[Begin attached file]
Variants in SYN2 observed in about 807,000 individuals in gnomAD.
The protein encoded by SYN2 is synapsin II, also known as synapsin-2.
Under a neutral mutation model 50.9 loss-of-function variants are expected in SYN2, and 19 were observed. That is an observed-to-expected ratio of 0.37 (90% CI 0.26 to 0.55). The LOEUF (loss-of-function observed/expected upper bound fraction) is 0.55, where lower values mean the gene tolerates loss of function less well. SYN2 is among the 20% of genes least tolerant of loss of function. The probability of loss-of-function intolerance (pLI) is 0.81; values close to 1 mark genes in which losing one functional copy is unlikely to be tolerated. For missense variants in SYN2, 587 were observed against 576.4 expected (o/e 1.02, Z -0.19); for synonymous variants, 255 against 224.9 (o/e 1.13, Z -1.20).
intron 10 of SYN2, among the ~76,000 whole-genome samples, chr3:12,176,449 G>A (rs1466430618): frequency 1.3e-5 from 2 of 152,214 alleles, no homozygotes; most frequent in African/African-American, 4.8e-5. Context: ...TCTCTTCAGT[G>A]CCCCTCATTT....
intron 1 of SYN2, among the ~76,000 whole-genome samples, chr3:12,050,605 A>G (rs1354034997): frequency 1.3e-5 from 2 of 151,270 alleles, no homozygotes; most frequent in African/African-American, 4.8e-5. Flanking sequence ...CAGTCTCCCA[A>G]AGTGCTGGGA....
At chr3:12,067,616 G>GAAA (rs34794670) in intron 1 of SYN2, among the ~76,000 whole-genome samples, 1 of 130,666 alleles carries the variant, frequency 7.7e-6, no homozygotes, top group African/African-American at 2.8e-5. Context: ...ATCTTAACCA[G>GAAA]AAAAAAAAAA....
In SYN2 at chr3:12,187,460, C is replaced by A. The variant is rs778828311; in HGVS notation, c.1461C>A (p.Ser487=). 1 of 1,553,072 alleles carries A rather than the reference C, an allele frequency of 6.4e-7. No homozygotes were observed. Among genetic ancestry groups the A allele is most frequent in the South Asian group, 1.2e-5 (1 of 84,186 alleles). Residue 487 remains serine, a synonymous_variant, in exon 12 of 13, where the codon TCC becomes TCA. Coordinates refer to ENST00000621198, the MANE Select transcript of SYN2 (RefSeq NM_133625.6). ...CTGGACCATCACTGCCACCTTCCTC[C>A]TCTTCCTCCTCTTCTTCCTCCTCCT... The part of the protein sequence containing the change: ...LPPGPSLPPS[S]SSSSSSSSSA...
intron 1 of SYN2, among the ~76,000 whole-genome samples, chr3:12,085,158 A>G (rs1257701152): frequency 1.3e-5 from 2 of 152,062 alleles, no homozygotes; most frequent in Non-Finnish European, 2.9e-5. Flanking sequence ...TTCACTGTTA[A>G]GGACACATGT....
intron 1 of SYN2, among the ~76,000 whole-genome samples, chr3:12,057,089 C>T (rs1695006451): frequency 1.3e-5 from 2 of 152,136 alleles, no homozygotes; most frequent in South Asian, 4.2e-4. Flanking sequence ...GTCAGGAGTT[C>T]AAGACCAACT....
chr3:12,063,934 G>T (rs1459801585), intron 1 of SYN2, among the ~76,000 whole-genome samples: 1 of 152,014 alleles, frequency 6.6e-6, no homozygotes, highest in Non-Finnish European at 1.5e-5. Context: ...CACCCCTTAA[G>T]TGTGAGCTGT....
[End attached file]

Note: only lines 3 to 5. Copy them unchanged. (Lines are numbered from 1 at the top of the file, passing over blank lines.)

Under a neutral mutation model 50.9 loss-of-function variants are expected in SYN2, and 19 were observed. That is an observed-to-expected ratio of 0.37 (90% CI 0.26 to 0.55). The LOEUF (loss-of-function observed/expected upper bound fraction) is 0.55, where lower values mean the gene tolerates loss of function less well. SYN2 is among the 20% of genes least tolerant of loss of function. The probability of loss-of-function intolerance (pLI) is 0.81; values close to 1 mark genes in which losing one functional copy is unlikely to be tolerated. For missense variants in SYN2, 587 were observed against 576.4 expected (o/e 1.02, Z -0.19); for synonymous variants, 255 against 224.9 (o/e 1.13, Z -1.20).
intron 10 of SYN2, among the ~76,000 whole-genome samples, chr3:12,176,449 G>A (rs1466430618): frequency 1.3e-5 from 2 of 152,214 alleles, no homozygotes; most frequent in African/African-American, 4.8e-5. Context: ...TCTCTTCAGT[G>A]CCCCTCATTT....
intron 1 of SYN2, among the ~76,000 whole-genome samples, chr3:12,050,605 A>G (rs1354034997): frequency 1.3e-5 from 2 of 151,270 alleles, no homozygotes; most frequent in African/African-American, 4.8e-5. Flanking sequence ...CAGTCTCCCA[A>G]AGTGCTGGGA....